Behavioral Evaluation of Modafinil and the Abuse-Related Effects of Cocaine in Rhesus Monkeys

Jennifer L. Newman, S. Stevens Negus, Anthony Lozama, Thomas E. Prisinzano, Nancy K. Mello

Research output: Contribution to journalArticlepeer-review

31 Scopus citations


Modafinil is a central nervous system stimulant used to promote wakefulness, and it is being evaluated clinically as an agonist medication for treating stimulant abuse. This is the first report of the effects of modafinil on the abuse-related effects of cocaine in nonhuman primates. The behavioral effects of modafinil were examined in three studies. First, the discriminative stimulus effects of modafinil (3.2-32 mg/kg) were evaluated in rhesus monkeys (Macaca mulatta) trained to discriminate either low (0.18 mg/kg, IM) or high (0.4 mg/kg, IM) doses of cocaine from saline. Modafinil dose-dependently substituted for cocaine in 6 of 7 monkeys. In the second study, the effects of chronically administered modafinil (32-56 mg/kg/day, IV) on food- and cocaine-maintained (0.001-0.1 mg/kg/inj) operant responding were examined. Modafinil was administered 3 times/hr for 23 hr/day to ensure stable drug levels. Chronic treatment with 32 mg/kg/day modafinil selectively reduced responding maintained by intermediate and peak reinforcing doses of cocaine, but responding maintained by higher doses of cocaine was unaffected. Food-maintained behavior did not change during chronic modafinil treatment. In a third study, modafinil (32 and 56 mg/kg/day, IV) was examined in a reinstatement model. Modafinil transiently increased responding during extinction. These findings indicate that modafinil shares discriminative stimulus effects with cocaine and selectively reduces responding maintained by reinforcing doses of cocaine. In addition, modafinil reinstated cocaine-seeking behavior, which may reflect its cocaine-like discriminative stimulus effects. These data support clinical findings and indicate that these preclinical models may be useful for predicting the effectiveness of agonist medications for drug abuse treatment.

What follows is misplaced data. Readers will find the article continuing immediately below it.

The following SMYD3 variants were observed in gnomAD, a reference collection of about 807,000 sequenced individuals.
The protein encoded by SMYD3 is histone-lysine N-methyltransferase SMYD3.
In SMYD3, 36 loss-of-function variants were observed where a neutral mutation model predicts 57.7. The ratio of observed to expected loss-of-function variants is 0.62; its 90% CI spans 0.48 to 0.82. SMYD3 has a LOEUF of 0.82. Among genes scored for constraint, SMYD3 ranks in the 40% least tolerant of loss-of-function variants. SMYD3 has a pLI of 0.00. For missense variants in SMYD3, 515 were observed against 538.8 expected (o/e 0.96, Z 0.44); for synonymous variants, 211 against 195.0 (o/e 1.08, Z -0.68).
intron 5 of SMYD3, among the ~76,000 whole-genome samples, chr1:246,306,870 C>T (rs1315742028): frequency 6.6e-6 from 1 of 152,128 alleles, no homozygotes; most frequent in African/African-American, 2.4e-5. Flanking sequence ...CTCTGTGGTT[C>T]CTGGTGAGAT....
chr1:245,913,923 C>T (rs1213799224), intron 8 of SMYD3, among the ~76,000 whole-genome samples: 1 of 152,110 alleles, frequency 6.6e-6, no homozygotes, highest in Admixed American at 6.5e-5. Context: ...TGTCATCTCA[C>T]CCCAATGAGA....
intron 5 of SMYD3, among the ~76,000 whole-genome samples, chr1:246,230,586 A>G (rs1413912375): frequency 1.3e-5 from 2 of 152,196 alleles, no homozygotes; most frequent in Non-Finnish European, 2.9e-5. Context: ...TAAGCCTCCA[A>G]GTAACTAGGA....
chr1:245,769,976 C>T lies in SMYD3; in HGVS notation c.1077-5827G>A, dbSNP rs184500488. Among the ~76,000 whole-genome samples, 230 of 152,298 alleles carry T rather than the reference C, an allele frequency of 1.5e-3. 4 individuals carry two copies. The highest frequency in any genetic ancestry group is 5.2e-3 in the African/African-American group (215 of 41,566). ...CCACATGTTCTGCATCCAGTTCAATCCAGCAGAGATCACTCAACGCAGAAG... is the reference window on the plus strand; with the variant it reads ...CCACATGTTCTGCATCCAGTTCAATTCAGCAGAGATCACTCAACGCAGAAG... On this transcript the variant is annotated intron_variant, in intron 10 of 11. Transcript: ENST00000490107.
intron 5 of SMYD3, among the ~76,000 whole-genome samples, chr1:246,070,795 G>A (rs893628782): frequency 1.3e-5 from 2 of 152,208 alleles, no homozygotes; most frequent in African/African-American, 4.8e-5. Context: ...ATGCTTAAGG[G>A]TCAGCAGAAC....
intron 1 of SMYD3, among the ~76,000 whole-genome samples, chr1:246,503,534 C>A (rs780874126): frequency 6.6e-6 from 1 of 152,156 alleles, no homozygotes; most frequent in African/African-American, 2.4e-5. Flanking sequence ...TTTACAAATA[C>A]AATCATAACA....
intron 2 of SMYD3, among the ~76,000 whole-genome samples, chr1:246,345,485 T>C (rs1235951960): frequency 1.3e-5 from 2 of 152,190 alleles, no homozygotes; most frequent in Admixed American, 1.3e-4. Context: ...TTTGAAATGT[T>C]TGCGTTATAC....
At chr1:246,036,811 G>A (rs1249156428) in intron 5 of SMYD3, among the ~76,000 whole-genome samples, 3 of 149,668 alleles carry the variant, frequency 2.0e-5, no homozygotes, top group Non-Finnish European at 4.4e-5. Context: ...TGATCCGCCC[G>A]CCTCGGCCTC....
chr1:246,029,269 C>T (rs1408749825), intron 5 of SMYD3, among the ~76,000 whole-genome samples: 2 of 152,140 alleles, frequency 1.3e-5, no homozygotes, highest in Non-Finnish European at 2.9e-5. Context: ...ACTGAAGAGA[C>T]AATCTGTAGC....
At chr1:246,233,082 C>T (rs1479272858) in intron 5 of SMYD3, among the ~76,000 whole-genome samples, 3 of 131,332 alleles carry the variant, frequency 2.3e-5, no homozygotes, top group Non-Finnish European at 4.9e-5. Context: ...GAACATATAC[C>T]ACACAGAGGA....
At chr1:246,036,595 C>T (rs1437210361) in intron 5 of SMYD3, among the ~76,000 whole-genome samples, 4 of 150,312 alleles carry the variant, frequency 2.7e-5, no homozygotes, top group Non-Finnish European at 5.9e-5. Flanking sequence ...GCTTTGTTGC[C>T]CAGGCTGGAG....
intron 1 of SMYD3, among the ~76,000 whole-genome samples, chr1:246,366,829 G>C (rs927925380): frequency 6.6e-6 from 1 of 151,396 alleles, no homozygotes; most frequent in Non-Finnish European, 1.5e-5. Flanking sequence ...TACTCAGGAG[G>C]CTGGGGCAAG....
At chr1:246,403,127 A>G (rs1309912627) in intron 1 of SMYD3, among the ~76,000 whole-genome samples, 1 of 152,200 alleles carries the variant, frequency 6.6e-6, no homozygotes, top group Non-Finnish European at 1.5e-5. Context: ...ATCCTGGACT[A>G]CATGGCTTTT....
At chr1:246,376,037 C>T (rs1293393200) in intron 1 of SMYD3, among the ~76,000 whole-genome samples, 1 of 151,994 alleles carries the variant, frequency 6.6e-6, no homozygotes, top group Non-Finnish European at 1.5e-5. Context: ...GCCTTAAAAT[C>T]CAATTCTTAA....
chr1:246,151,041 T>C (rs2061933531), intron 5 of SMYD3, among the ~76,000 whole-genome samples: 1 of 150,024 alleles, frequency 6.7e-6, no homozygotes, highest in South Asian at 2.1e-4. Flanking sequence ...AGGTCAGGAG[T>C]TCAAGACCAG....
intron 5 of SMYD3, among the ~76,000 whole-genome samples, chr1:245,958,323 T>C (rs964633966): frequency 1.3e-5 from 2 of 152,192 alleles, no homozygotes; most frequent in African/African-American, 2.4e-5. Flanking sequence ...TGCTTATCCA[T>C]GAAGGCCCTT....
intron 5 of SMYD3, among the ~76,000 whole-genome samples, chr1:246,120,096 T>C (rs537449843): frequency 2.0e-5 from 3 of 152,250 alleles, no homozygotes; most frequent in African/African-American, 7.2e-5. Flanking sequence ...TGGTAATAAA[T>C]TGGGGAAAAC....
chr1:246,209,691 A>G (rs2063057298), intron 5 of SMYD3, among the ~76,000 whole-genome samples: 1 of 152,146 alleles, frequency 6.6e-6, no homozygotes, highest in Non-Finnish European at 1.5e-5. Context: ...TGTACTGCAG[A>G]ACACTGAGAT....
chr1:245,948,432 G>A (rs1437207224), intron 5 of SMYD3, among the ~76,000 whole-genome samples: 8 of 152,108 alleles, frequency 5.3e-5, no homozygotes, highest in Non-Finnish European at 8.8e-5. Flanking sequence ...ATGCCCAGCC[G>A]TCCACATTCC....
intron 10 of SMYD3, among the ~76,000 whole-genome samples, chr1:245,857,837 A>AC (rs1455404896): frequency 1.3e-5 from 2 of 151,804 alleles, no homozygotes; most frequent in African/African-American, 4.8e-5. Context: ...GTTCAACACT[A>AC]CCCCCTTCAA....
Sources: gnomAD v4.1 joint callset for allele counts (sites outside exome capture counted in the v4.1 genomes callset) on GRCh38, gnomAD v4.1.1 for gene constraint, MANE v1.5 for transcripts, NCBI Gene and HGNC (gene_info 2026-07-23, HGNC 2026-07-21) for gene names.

Original languageEnglish
Pages (from-to)395-408
Number of pages14
JournalExperimental and Clinical Psychopharmacology
Issue number5
StatePublished - Oct 2010


  • Cocaine
  • Drug discrimination
  • Modafinil
  • Rhesus monkey
  • Self-administration

ASJC Scopus subject areas

  • Pharmacology
  • Psychiatry and Mental health
  • Pharmacology (medical)


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